- Posted by Sarah Schnurr
- On February 22, 2017
- 0 Comments
February can be a challenge–whether you’re enjoying this week off , or back to work after a three-day weekend, many teachers are at the halfway point of their school year. With about five months down and four to go, winter means more school-wide colds, with less daylight and fewer holiday breaks. A self-care plan for teachers and an awareness on the part of administration can make all the difference in re-energizing the educational environment. Check out some of the resources we’ve compiled to combat the winter blues.
Create a Self-Care Plan to Beat the Winter Blues
“As the school year slows to a crawl through these dark, cold days of winter, it can be difficult to sustain the high energy required to accomplish the many daily tasks presented by our colleagues, our students, their parents, and the curriculum. Although it is wise to build daily practices in your life that give you a sense of wellness and fulfillment, it is especially important to do so when there may be little support to draw from others who, like you, may find themselves with fewer reserves. This is a good time of year to apply practices designed to help you take good care of yourself.”
Setting Boundaries Can Mean a Happier Teacher Career
“Adults know logically that we have needs and lives, but at times, it’s as if we are faulted for putting our lives first. We keep our doors open at lunch, we stay on the phone sometimes hours beyond the last bell, soothing parents or communicating with families about that which their student does not. Why? Because we love and care. But we as professionals must love and care about ourselves, as well.”
12 Choices to Help You Step Back from Burnout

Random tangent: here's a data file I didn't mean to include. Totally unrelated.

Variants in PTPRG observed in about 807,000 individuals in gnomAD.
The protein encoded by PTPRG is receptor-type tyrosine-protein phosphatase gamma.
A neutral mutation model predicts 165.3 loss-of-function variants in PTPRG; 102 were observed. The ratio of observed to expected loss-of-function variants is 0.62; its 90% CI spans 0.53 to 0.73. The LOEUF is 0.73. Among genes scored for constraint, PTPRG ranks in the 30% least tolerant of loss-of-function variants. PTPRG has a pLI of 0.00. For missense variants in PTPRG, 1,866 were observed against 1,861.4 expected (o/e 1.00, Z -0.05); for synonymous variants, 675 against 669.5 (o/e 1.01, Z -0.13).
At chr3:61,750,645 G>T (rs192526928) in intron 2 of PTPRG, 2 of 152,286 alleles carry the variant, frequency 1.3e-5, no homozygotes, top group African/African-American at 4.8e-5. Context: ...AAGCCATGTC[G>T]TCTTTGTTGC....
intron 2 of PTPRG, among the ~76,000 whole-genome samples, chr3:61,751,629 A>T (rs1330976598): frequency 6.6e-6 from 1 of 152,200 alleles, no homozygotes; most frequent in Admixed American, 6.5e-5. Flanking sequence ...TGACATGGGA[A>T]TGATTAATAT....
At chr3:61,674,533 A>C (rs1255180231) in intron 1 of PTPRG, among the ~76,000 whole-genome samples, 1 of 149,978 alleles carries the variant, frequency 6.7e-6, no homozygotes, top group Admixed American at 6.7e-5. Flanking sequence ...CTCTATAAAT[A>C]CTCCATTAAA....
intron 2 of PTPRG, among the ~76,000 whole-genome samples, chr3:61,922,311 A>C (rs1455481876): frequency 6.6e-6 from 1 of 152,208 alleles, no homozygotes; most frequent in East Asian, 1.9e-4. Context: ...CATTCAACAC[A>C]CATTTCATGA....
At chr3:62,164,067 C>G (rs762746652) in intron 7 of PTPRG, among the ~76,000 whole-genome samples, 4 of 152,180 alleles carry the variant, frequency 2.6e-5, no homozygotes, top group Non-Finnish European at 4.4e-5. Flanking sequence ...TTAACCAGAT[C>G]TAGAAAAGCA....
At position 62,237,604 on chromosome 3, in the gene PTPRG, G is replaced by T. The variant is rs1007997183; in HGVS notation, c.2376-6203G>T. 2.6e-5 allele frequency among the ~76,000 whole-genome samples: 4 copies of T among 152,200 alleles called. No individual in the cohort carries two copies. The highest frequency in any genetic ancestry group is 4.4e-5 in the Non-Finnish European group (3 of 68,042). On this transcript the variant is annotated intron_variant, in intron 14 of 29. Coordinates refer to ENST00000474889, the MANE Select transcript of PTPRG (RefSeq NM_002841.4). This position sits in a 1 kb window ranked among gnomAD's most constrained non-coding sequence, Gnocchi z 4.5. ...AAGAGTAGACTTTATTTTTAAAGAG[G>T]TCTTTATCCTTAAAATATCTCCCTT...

“A tired teacher is a powder keg waiting for a match. In my bouts with burnout, I’ve learned that stepping back from the brink is about choice. These 12 choices have helped me recover and be a better teacher for my students. In the long run, a burned out teacher is of no use to her students or herself. You can choose to step back. You can do this, teacher! Your calling is noble, but you must sometimes regroup and adjust to make it.”
10 Tips for Administrators to Help New Teachers Avoid Burnout
“Time. No matter what administrators do or offer, they must invest in time for new teachers to prepare for the workload and also reflect on the experiences of each week. If there’s no formal time offered for reflection, teachers will not grow from the initial experiences and/or difficulties.
Support. Administrators should encourage a supportive work culture. This should include themselves team-teaching with new teachers. This relieves pressure, whilst also allowing for example to be shown, in-turn providing great professional development.”
Why Introverted Teachers Are Burning Out
“Business Review recently termed “collaborative overload” in the workplace. According to its own data, “over the past two decades, the time spent by managers and employees in collaborative activities has ballooned by 50% or more.” The difference for teachers in many cases is that they don’t get any down time; they finish various meetings with various adults and go straight to the classroom, where they feel increasing pressure to facilitate social learning activities and promote the current trend of collaborative education.
…K-12 campuses can meet the needs of teachers who are less extroverted, from ‘providing professional development credit for personal learning’ to simply offering them some options in regards to collaborative activities. Embracing ideas like these, schools could better accommodate the different personality types of their teachers; reduce burnout and save money on attrition; and foster an educational environment that encourages and cherishes introspective reflection within the students themselves.”